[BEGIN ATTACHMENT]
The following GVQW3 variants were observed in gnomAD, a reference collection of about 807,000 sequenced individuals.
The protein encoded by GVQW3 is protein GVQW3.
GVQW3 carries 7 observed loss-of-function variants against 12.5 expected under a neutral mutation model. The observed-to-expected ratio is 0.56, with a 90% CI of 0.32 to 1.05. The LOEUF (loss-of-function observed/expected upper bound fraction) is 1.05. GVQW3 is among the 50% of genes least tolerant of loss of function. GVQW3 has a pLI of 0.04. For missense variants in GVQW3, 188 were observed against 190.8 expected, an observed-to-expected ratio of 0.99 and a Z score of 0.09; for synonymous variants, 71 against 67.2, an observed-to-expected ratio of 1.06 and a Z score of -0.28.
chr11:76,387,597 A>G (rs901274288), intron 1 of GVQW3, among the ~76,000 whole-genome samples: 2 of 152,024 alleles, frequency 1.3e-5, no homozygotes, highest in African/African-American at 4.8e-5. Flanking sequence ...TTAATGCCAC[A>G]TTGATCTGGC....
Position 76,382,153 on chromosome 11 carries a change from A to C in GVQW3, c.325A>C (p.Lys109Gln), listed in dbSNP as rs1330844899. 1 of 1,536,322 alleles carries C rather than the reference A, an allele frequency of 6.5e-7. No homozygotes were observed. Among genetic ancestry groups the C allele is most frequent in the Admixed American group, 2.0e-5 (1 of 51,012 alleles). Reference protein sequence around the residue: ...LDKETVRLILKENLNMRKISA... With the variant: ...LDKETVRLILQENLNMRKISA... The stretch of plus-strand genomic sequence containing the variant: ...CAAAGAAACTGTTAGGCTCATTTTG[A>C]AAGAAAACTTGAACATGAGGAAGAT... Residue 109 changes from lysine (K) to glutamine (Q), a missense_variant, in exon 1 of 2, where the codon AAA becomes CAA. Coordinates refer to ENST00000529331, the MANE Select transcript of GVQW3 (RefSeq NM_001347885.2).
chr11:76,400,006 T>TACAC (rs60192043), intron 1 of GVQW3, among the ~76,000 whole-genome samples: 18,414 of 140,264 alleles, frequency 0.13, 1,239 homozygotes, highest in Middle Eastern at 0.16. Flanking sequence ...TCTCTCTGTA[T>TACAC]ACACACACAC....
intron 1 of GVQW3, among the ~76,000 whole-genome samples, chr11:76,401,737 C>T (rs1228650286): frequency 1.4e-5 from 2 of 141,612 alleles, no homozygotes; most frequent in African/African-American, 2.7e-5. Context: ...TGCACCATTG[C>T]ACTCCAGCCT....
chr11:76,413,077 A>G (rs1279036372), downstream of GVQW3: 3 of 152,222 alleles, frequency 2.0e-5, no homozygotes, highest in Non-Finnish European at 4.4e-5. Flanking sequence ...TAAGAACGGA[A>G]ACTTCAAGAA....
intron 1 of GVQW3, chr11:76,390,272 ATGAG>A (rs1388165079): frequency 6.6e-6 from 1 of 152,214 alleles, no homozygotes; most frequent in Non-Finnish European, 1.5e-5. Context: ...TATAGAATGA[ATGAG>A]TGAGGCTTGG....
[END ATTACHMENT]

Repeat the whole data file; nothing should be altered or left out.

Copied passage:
The following GVQW3 variants were observed in gnomAD, a reference collection of about 807,000 sequenced individuals.
The protein encoded by GVQW3 is protein GVQW3.
GVQW3 carries 7 observed loss-of-function variants against 12.5 expected under a neutral mutation model. The observed-to-expected ratio is 0.56, with a 90% CI of 0.32 to 1.05. The LOEUF (loss-of-function observed/expected upper bound fraction) is 1.05. GVQW3 is among the 50% of genes least tolerant of loss of function. GVQW3 has a pLI of 0.04. For missense variants in GVQW3, 188 were observed against 190.8 expected, an observed-to-expected ratio of 0.99 and a Z score of 0.09; for synonymous variants, 71 against 67.2, an observed-to-expected ratio of 1.06 and a Z score of -0.28.
chr11:76,387,597 A>G (rs901274288), intron 1 of GVQW3, among the ~76,000 whole-genome samples: 2 of 152,024 alleles, frequency 1.3e-5, no homozygotes, highest in African/African-American at 4.8e-5. Flanking sequence ...TTAATGCCAC[A>G]TTGATCTGGC....
Position 76,382,153 on chromosome 11 carries a change from A to C in GVQW3, c.325A>C (p.Lys109Gln), listed in dbSNP as rs1330844899. 1 of 1,536,322 alleles carries C rather than the reference A, an allele frequency of 6.5e-7. No homozygotes were observed. Among genetic ancestry groups the C allele is most frequent in the Admixed American group, 2.0e-5 (1 of 51,012 alleles). Reference protein sequence around the residue: ...LDKETVRLILKENLNMRKISA... With the variant: ...LDKETVRLILQENLNMRKISA... The stretch of plus-strand genomic sequence containing the variant: ...CAAAGAAACTGTTAGGCTCATTTTG[A>C]AAGAAAACTTGAACATGAGGAAGAT... Residue 109 changes from lysine (K) to glutamine (Q), a missense_variant, in exon 1 of 2, where the codon AAA becomes CAA. Coordinates refer to ENST00000529331, the MANE Select transcript of GVQW3 (RefSeq NM_001347885.2).
chr11:76,400,006 T>TACAC (rs60192043), intron 1 of GVQW3, among the ~76,000 whole-genome samples: 18,414 of 140,264 alleles, frequency 0.13, 1,239 homozygotes, highest in Middle Eastern at 0.16. Flanking sequence ...TCTCTCTGTA[T>TACAC]ACACACACAC....
intron 1 of GVQW3, among the ~76,000 whole-genome samples, chr11:76,401,737 C>T (rs1228650286): frequency 1.4e-5 from 2 of 141,612 alleles, no homozygotes; most frequent in African/African-American, 2.7e-5. Context: ...TGCACCATTG[C>T]ACTCCAGCCT....
chr11:76,413,077 A>G (rs1279036372), downstream of GVQW3: 3 of 152,222 alleles, frequency 2.0e-5, no homozygotes, highest in Non-Finnish European at 4.4e-5. Flanking sequence ...TAAGAACGGA[A>G]ACTTCAAGAA....
intron 1 of GVQW3, chr11:76,390,272 ATGAG>A (rs1388165079): frequency 6.6e-6 from 1 of 152,214 alleles, no homozygotes; most frequent in Non-Finnish European, 1.5e-5. Context: ...TATAGAATGA[ATGAG>A]TGAGGCTTGG....